The duties and functions of these medical advisers generally include the following: (1) To examine claimants; (2) to be witness or give counsel at hearings; (3) to make medical reports on cases; (4) to be present at conferences of physicians examining claimants; (5) to make arrangements for specialists' examinations; (6) to select impartial physicians for examinations of claimants; (7) to pass upon the reasonableness of medical and hospital fees; and (8) to rate permanent disabilities.

"That is, 13 per cent of those to whom the questionnaire was sent.

Providence Medical Journal for March, 1915.

Monthly Bulletin of Pennsylvania Department of Labor and Industry for February, 1917, p. 48.
Fourth annual report of the Wisconsin Industrial Commission, 1914-15, p. 4.

"Boston Medical and Surgical Journal, Sept. 18, 1913, p. 444.

"Alabama, Alaska, Arizona, Kansas, Louisiana, Minnesota, New Hampshire, New Mexico, Rhode Island, Tennessee, and Wyoming.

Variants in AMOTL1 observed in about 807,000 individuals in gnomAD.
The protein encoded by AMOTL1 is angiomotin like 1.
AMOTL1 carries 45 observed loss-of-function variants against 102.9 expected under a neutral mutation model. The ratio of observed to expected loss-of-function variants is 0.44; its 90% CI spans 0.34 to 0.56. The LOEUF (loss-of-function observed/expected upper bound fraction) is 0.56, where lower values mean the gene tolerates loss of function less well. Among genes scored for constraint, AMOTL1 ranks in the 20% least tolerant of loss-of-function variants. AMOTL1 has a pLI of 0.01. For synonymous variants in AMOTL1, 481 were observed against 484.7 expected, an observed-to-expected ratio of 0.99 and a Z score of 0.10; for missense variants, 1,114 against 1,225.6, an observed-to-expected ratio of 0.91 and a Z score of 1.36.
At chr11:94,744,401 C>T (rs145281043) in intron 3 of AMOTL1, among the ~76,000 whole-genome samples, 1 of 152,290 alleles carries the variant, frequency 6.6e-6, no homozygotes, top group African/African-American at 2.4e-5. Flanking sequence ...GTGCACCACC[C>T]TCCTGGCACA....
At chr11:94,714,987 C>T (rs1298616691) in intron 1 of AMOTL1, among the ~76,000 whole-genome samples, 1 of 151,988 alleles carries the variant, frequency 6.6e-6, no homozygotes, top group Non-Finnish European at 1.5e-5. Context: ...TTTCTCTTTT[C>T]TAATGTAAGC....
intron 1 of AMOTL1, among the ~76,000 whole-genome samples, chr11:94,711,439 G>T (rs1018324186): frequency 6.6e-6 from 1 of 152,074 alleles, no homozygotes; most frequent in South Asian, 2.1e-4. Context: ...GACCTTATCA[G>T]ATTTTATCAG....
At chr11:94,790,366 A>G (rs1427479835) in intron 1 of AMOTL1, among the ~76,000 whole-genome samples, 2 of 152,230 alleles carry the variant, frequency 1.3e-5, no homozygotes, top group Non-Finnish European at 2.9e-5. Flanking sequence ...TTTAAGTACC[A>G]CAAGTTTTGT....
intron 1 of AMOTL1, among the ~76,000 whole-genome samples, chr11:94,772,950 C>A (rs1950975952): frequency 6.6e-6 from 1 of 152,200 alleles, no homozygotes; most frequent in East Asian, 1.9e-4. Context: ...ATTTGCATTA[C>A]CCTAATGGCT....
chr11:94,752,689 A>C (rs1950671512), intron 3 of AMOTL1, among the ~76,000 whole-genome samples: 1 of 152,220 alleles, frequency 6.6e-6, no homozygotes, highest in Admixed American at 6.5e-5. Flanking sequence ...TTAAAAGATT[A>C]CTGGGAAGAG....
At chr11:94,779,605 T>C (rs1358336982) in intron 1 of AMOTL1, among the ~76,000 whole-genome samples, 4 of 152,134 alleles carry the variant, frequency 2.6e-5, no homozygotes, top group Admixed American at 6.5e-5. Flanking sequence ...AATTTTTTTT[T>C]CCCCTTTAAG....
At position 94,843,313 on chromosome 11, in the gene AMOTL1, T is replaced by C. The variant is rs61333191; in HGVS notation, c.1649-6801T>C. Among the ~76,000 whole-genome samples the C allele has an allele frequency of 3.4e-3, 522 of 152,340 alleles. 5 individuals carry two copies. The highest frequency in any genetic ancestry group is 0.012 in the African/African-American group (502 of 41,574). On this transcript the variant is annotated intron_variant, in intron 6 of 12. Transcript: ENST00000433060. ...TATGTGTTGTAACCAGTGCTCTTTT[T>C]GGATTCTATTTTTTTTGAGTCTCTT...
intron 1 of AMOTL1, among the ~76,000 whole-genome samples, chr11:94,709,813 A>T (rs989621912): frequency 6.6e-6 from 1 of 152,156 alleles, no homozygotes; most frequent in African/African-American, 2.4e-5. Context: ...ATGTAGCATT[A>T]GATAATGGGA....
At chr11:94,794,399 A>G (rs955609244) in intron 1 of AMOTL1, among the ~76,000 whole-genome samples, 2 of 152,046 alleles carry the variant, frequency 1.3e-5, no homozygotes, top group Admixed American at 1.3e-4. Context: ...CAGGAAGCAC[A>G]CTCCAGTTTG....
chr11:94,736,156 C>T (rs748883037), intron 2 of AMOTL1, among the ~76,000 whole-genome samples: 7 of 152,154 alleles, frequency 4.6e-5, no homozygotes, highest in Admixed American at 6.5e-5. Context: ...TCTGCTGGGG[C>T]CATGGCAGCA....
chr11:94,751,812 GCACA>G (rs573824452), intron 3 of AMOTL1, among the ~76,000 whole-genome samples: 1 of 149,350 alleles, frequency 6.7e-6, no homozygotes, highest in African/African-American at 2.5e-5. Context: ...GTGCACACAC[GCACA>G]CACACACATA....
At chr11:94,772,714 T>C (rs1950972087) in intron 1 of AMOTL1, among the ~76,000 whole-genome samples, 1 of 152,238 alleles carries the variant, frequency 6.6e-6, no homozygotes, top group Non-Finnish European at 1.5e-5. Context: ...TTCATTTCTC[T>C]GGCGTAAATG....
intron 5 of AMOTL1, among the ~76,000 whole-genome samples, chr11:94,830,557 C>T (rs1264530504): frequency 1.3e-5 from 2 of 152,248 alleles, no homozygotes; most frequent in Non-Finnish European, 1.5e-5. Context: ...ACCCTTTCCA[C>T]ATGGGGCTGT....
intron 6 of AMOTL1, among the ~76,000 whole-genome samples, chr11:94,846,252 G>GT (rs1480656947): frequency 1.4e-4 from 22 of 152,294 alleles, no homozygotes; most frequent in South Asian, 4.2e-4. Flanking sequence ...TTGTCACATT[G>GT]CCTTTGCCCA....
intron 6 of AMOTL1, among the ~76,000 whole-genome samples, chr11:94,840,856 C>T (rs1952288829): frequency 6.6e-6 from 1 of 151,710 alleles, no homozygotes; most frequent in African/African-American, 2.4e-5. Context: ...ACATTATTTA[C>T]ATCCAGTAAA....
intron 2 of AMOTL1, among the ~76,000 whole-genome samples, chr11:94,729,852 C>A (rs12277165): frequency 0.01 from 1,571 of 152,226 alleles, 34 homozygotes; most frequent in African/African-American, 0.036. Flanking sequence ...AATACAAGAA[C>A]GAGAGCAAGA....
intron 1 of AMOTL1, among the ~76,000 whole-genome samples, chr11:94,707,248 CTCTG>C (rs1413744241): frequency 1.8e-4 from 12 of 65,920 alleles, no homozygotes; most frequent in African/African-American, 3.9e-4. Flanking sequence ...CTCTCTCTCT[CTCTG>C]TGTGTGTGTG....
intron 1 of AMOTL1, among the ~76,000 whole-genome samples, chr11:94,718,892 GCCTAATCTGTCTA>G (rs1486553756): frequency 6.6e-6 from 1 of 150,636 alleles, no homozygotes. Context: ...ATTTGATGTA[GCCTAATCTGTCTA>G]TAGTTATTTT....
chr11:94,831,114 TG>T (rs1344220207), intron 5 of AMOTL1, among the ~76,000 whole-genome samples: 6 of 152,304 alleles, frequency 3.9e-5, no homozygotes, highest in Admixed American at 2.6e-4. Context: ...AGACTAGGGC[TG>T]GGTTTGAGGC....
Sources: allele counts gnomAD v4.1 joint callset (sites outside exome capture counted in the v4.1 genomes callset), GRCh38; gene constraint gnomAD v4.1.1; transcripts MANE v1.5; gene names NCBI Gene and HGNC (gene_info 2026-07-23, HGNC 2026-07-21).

"California, Illinois, Iowa, Kentucky, Maryland, Massachusetts, Nevada, New York, Ohio, Oklahoma, Oregon, Washington, and West Virginia.


A notable experiment in the field of medical administration was put into effect in the State of Washington in 1917. The Washington act provides for a State medical aid board composed of the medical adviser of the industrial commission and one representative each of the employers and employees. This board is authorized to divide the industries of the State into five classes, according to hazard. Employers subject to the act are assessed from 1 to 3 cents for each working day of each employee, to be paid to the State medical fund once a month. Deductions from the employees' wages of one-half of the assessments are authorized by law. The State board is also authorized to promulgate rules, issue a maximum medical fee bill, approve physicians' and hospital bills, and approve contracts between employers and employees as to hospital benefit funds.